Reducing sclerosis inflammation in mice
Researchers have been able to reduce the chronic inflammation associated with multiple sclerosis in a mice model of the disease, by administering one of the resolving lipid mediators of inflammation, Maresin-1.
New research carried out by the Institut de Neurociències at the Universitat Autònoma de Barcelona (INc-UAB), Spain have shown it might be possible to reduce chronic inflammation associated with multiple sclerosis. The team found that these types of mediator substances, responsible for resolving the inflammatory process when it is no longer beneficial, are minimised in animal models of the disease. The use of these mediators could become a good strategy for the treatment of this autoimmune disease. The research was recently publishing in Journal of Neuroinflammation.
Acute inflammation is a protective response to infection that promotes tissue regeneration after injury. Once its function has been performed, a series of mechanisms regulated by lipids acting as mediators are responsible for resolving it. An error in the resolution response results in uncontrolled inflammation that is detrimental for the tissues. In multiple sclerosis, an autoimmune disorder in which the body’s defence cells attack the lining of the tail of neurons (myelin), the inflammation is persistent and plays a key role in the development of the disease.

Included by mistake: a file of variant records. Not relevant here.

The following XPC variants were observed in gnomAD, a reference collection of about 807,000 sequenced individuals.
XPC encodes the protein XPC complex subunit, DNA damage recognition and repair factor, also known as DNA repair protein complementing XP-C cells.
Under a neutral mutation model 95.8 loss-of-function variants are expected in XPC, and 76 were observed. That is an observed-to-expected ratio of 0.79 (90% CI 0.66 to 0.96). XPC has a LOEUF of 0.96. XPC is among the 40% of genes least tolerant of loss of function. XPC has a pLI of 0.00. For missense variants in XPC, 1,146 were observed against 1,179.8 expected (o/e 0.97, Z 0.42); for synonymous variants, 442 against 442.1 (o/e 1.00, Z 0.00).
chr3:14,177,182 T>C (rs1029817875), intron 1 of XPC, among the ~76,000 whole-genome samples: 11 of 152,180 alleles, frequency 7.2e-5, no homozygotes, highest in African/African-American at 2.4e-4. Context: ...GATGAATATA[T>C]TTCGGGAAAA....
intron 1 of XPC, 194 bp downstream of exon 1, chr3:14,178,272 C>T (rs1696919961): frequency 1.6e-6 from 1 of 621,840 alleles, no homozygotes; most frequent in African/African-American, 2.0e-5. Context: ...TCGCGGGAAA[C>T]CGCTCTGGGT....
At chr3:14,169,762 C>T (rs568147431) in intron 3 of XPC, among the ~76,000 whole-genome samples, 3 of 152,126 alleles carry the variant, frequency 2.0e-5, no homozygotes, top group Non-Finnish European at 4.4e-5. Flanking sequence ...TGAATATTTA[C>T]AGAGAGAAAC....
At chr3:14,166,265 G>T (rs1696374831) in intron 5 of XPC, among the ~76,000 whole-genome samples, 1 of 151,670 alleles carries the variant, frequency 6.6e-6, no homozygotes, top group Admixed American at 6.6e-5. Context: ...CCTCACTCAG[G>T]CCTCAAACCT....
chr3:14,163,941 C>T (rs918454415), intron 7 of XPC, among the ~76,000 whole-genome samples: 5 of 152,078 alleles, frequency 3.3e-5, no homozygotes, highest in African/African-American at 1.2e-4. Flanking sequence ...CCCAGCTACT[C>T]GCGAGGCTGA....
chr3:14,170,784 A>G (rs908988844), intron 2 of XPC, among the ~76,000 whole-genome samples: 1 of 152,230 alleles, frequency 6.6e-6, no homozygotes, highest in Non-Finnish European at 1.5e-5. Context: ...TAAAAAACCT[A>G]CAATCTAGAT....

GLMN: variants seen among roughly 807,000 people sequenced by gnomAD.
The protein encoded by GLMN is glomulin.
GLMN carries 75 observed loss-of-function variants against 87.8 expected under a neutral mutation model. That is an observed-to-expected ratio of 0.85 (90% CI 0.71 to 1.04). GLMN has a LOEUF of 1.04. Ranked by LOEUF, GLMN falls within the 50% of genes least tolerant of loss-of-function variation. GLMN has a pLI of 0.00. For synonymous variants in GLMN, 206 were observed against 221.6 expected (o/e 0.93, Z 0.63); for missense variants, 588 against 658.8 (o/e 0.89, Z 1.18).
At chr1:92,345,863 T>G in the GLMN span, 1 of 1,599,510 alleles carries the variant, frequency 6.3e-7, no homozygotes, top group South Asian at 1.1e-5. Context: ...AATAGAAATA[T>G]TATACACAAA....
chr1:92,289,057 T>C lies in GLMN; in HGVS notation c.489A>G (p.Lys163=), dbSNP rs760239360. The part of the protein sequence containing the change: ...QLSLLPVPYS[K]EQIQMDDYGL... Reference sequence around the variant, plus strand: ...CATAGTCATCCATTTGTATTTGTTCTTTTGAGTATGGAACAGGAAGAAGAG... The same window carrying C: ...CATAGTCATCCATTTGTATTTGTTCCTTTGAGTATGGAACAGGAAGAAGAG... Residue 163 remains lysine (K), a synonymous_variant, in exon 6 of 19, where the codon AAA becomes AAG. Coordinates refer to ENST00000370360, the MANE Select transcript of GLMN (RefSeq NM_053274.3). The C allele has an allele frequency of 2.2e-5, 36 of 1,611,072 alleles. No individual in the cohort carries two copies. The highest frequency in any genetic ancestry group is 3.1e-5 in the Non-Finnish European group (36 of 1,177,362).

The researchers were able to reduce the chronic inflammation associated with multiple sclerosis in a mice model of the disease, by administering one of the resolving lipid mediators of inflammation, Maresin-1. The substance exerted a therapeutic effect on mice, drastically reducing the number of proteins promoting inflammation (cytokines), as well as the number of cells in the immune system in both the spinal cord and the blood. A continuous administration of the lipid over time also protected neurons from demyelination and improved the effects of neurological deterioration caused by the disease.
In their study, researchers looked at samples from patients with multiple sclerosis and from mice models and found that there was insufficient production of Maresin-1 and other lipid mediators that end inflammation. The levels of these immunosuppressive substances, which were almost undetectable, prevented the inflammatory process from stopping.
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The study points to therapy with inflammatory-resolving mediators as an innovative and promising strategy for the treatment of multiple sclerosis and other autoimmune diseases needing further research. The next steps will be a series of tests and experiments to demonstrate the safety of the administration of this lipid, which could allow them to address possible efficacy studies in humans.